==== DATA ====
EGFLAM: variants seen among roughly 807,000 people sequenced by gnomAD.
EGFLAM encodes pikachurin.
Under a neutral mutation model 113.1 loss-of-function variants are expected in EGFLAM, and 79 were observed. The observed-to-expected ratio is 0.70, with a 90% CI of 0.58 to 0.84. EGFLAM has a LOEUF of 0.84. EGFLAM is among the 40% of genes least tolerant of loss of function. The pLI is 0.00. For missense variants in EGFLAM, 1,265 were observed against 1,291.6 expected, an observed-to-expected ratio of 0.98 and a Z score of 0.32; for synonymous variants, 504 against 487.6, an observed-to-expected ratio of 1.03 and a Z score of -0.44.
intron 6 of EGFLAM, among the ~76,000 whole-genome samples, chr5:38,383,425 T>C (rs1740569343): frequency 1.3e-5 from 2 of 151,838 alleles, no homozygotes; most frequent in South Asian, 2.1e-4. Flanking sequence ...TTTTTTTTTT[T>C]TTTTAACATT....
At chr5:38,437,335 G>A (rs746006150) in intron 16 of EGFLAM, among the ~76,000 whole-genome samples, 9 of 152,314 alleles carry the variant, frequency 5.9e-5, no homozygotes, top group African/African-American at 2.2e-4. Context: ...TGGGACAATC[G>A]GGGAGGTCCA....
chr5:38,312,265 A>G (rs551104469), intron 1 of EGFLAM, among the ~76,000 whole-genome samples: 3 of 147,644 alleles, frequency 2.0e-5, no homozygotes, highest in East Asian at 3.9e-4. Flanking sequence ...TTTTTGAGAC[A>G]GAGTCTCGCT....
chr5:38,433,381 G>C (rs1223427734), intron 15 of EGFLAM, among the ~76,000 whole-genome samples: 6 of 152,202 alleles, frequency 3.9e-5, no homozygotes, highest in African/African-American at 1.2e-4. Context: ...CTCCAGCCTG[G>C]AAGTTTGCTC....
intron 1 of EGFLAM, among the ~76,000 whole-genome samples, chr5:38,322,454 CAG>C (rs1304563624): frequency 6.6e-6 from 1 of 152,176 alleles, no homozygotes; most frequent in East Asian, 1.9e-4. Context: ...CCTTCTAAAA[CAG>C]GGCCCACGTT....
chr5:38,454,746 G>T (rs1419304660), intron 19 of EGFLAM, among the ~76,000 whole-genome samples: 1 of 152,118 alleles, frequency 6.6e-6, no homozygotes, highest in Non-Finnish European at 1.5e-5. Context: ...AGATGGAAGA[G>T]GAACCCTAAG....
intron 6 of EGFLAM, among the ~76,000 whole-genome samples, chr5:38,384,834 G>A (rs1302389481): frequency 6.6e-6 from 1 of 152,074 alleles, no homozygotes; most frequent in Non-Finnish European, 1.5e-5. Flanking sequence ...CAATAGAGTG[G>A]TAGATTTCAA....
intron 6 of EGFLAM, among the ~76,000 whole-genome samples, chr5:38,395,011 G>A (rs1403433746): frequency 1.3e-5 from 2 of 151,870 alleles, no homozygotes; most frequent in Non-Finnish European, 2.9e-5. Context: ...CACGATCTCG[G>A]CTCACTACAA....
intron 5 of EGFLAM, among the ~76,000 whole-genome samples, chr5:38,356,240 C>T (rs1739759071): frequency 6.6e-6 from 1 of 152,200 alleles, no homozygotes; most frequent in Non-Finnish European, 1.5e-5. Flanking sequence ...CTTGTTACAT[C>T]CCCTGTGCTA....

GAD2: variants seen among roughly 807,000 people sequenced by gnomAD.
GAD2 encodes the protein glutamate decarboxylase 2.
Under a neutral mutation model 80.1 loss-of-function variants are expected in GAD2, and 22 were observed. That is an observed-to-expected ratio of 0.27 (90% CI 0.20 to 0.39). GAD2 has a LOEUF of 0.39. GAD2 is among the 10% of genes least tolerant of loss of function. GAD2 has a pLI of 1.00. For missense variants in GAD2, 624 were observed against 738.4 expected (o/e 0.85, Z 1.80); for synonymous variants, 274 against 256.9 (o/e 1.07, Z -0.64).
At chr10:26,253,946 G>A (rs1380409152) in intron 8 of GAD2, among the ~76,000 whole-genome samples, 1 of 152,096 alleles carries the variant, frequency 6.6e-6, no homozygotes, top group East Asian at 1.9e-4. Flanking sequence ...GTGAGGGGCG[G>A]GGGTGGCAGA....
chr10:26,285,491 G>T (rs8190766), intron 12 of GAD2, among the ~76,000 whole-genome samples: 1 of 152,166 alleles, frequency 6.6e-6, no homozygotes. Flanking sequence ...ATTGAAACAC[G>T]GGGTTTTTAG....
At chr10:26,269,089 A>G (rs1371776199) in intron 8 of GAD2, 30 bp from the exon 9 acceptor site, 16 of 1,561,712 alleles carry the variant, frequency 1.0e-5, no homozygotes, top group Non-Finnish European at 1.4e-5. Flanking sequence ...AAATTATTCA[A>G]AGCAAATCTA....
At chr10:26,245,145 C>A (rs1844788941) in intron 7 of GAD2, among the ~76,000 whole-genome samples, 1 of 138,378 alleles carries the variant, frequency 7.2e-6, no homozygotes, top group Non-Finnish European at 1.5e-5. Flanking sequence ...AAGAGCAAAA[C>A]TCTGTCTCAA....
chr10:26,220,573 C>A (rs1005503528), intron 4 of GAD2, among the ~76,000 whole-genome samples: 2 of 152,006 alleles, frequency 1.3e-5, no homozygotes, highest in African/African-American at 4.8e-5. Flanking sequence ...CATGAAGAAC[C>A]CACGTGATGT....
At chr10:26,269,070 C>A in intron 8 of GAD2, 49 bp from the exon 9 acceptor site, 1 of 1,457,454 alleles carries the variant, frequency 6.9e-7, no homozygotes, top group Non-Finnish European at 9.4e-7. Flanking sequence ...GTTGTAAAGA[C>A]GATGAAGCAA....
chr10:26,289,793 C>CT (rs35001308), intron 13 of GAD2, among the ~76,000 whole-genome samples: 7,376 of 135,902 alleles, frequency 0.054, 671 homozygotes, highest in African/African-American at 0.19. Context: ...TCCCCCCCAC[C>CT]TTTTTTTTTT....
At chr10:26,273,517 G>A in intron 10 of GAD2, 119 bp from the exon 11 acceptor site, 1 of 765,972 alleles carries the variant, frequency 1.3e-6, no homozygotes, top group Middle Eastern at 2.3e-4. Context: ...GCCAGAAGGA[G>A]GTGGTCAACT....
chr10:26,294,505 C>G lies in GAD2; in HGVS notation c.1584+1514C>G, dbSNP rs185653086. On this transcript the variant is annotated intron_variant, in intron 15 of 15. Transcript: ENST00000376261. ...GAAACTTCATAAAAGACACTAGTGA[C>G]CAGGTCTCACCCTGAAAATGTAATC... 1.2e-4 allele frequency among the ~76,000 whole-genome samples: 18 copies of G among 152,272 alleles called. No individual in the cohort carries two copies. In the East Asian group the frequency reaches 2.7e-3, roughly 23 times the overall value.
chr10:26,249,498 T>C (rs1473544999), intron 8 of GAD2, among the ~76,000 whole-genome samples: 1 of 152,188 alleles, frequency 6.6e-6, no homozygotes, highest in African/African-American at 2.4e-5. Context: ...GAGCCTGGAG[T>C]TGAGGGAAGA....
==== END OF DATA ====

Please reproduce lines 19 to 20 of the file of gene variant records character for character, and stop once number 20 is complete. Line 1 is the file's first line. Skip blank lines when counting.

At chr10:26,245,145 C>A (rs1844788941) in intron 7 of GAD2, among the ~76,000 whole-genome samples, 1 of 138,378 alleles carries the variant, frequency 7.2e-6, no homozygotes, top group Non-Finnish European at 1.5e-5. Flanking sequence ...AAGAGCAAAA[C>A]TCTGTCTCAA....
chr10:26,220,573 C>A (rs1005503528), intron 4 of GAD2, among the ~76,000 whole-genome samples: 2 of 152,006 alleles, frequency 1.3e-5, no homozygotes, highest in African/African-American at 4.8e-5. Flanking sequence ...CATGAAGAAC[C>A]CACGTGATGT....